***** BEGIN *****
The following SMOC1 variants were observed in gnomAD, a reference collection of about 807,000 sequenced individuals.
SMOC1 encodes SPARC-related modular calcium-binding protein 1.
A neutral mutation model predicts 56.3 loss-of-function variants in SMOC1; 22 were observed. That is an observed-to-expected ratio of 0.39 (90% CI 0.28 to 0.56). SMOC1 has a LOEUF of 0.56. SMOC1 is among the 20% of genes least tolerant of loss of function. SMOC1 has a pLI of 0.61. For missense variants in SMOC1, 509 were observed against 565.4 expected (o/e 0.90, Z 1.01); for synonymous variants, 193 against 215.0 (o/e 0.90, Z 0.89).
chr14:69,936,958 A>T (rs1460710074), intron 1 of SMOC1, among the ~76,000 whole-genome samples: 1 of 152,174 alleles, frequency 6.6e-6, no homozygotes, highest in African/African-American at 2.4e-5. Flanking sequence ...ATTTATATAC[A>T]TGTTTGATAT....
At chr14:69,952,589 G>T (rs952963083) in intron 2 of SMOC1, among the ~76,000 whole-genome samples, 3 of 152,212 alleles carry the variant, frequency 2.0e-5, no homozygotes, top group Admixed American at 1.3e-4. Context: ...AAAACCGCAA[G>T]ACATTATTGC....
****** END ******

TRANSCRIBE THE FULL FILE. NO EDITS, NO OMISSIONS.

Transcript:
The following SMOC1 variants were observed in gnomAD, a reference collection of about 807,000 sequenced individuals.
SMOC1 encodes SPARC-related modular calcium-binding protein 1.
A neutral mutation model predicts 56.3 loss-of-function variants in SMOC1; 22 were observed. That is an observed-to-expected ratio of 0.39 (90% CI 0.28 to 0.56). SMOC1 has a LOEUF of 0.56. SMOC1 is among the 20% of genes least tolerant of loss of function. SMOC1 has a pLI of 0.61. For missense variants in SMOC1, 509 were observed against 565.4 expected (o/e 0.90, Z 1.01); for synonymous variants, 193 against 215.0 (o/e 0.90, Z 0.89).
chr14:69,936,958 A>T (rs1460710074), intron 1 of SMOC1, among the ~76,000 whole-genome samples: 1 of 152,174 alleles, frequency 6.6e-6, no homozygotes, highest in African/African-American at 2.4e-5. Flanking sequence ...ATTTATATAC[A>T]TGTTTGATAT....
At chr14:69,952,589 G>T (rs952963083) in intron 2 of SMOC1, among the ~76,000 whole-genome samples, 3 of 152,212 alleles carry the variant, frequency 2.0e-5, no homozygotes, top group Admixed American at 1.3e-4. Context: ...AAAACCGCAA[G>T]ACATTATTGC....